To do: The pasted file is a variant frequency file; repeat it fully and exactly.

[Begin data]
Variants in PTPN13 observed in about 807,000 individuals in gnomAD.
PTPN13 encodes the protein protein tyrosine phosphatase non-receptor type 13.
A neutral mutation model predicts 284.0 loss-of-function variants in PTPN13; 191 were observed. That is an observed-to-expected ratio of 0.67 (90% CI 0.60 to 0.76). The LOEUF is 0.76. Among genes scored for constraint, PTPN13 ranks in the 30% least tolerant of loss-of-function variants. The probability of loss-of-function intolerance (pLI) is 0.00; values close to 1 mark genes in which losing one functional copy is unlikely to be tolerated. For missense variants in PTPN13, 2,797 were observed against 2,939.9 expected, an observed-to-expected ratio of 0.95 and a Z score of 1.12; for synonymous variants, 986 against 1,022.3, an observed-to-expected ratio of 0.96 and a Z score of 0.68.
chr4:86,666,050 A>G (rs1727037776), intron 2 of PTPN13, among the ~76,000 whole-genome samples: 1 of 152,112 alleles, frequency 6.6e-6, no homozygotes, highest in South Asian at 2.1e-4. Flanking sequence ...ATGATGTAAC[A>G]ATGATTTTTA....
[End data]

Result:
Variants in PTPN13 observed in about 807,000 individuals in gnomAD.
PTPN13 encodes the protein protein tyrosine phosphatase non-receptor type 13.
A neutral mutation model predicts 284.0 loss-of-function variants in PTPN13; 191 were observed. That is an observed-to-expected ratio of 0.67 (90% CI 0.60 to 0.76). The LOEUF is 0.76. Among genes scored for constraint, PTPN13 ranks in the 30% least tolerant of loss-of-function variants. The probability of loss-of-function intolerance (pLI) is 0.00; values close to 1 mark genes in which losing one functional copy is unlikely to be tolerated. For missense variants in PTPN13, 2,797 were observed against 2,939.9 expected, an observed-to-expected ratio of 0.95 and a Z score of 1.12; for synonymous variants, 986 against 1,022.3, an observed-to-expected ratio of 0.96 and a Z score of 0.68.
chr4:86,666,050 A>G (rs1727037776), intron 2 of PTPN13, among the ~76,000 whole-genome samples: 1 of 152,112 alleles, frequency 6.6e-6, no homozygotes, highest in South Asian at 2.1e-4. Flanking sequence ...ATGATGTAAC[A>G]ATGATTTTTA....